I placed a smile on my face before turning to look at her. She was sitting on the settee in the bedroom we shared, watching as I packed my things. Since the death of our father last year, our world had abruptly changed. Mostly due to the fact my father was a gambler and left us in debt. Along with no more servants, we also had no silver in the house. Mother had sold all she could find of value to keep us fed and pay off my father’s debts. I didn’t mind the simpler way of life. In truth, I embraced it. Less fuss and worry over dressing. No formalities at dinner. It was an unexpected ease that I felt we were lucky to experience. I didn’t mind fetching my own breakfast and serving my mother and sister the meals I managed to prepare. Although I had many failures in the kitchen thus far, I had become adequate at making a proper pot of tea.

London would not be so easy.

“You’re going to turn London on its ear, Miriam,” my sister said with excitement in her voice. “I so wish I could watch it all unfold.”

The wistfulness held a touch of sadness and I wanted nothing more than for Whitney to have all she wanted. I’d often felt the need to scold God for letting it be Whitney that was left with a limp and not me. For I would be quite happy living a life alone in the country, writing novels and enjoying the solitude. I wasn’t fond of people in general. It was as simple as that. They annoyed me with their behavior. I preferred truths and I had found very few who spoke the truth. Most only worried over how they appeared to others. All but Whitney. She was a perfect creation, if there ever was one: selfless, kind, intelligent, hopeful. Her presence lit up a room. I’d yet to meet another person like her. She was the true gem in this family and I would make sure she had her moment to shine.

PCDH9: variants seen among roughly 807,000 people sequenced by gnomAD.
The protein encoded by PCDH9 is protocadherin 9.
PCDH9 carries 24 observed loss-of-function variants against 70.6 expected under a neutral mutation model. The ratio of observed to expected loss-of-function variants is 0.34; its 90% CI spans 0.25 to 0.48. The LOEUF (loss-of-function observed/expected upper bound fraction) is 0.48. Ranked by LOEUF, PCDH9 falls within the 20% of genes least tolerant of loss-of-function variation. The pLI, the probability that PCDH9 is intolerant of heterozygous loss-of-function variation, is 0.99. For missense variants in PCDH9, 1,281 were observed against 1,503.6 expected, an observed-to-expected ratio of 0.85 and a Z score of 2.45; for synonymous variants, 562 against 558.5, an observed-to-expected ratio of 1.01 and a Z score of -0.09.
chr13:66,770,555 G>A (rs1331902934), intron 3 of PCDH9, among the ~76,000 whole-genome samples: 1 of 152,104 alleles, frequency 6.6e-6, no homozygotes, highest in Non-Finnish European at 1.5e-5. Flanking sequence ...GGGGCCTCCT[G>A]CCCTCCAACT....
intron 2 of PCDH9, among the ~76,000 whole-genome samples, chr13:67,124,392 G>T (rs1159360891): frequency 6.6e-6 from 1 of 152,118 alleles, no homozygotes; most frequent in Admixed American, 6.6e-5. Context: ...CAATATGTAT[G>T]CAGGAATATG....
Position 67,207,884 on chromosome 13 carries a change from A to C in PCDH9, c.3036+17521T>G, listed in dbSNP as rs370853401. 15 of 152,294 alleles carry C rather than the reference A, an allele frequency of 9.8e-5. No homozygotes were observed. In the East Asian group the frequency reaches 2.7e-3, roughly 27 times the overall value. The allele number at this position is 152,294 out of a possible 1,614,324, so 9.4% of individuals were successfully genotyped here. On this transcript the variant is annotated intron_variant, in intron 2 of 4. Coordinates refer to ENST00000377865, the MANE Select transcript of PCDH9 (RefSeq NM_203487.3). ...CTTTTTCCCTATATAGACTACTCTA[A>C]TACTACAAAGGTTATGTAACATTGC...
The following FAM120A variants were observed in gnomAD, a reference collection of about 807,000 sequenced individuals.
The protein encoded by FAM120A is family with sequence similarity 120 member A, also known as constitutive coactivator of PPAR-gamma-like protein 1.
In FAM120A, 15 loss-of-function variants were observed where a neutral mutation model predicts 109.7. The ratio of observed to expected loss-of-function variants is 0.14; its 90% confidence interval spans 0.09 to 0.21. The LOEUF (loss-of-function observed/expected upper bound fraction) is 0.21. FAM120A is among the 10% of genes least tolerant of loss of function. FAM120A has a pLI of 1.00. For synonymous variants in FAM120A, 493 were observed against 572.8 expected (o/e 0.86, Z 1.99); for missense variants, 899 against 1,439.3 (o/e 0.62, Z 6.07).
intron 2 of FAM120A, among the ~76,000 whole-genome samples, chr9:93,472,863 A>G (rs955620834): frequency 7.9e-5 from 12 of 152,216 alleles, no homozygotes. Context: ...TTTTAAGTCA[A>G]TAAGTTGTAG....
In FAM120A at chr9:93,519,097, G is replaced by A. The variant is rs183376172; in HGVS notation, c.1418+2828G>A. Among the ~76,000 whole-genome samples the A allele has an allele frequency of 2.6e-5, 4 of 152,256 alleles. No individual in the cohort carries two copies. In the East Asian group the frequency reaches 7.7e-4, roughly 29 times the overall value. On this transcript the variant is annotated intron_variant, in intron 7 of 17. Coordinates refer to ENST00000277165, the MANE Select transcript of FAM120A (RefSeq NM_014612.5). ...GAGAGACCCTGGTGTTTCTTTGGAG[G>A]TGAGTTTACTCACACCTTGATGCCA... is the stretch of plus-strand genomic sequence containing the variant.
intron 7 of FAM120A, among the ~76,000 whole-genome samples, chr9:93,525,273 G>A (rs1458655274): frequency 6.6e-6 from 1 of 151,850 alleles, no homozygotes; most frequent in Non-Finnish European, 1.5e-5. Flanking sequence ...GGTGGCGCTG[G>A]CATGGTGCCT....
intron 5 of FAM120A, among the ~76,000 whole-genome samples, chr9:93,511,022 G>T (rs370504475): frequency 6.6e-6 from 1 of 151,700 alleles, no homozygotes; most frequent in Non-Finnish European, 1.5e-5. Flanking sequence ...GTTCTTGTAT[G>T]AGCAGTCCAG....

I had none of her qualities; my mother would agree with me. She often scolded me for my sass and rude behavior. I loved our mother, but she wanted things for me that I didn’t want for myself. It caused great strife between us with every year that passed. Once I yearned to have Mother look at me with the same love she did my sister, but over the years, I realized whereas Whitney was easy to love, I was not.

Whitney’s sweet voice was the one thing that kept me in check when Mother started in on me about my manners and behavior. I didn’t want to let Whitney down. It might seem inconsequential to others, but they hadn’t lived in our home nor did they understand this family and all we’d been through. Our father had not been happy with either of his daughters. He’d wanted a son.

He had gotten his wish when I was born, for I was a twin. However, my brother didn’t live but for a few days. More than once in my life, I heard my father say he wished it had been me that died. It had left me damaged in a way I dare not admit to anyone. I often wondered if my father had loved me, would I have turned out more like Whitney. He had simply ignored her, but at least she’d never been on the receiving end of his harsh tongue. Her gentle nature made it impossible to find fault in her behavior. It made it easier for me to accept when our mother showed my sister the affection I knew she required. Whitney wasn’t thick-skinned like I was and she would never survive being the unwanted disappointment.


Advertisement

<<<<1231121>82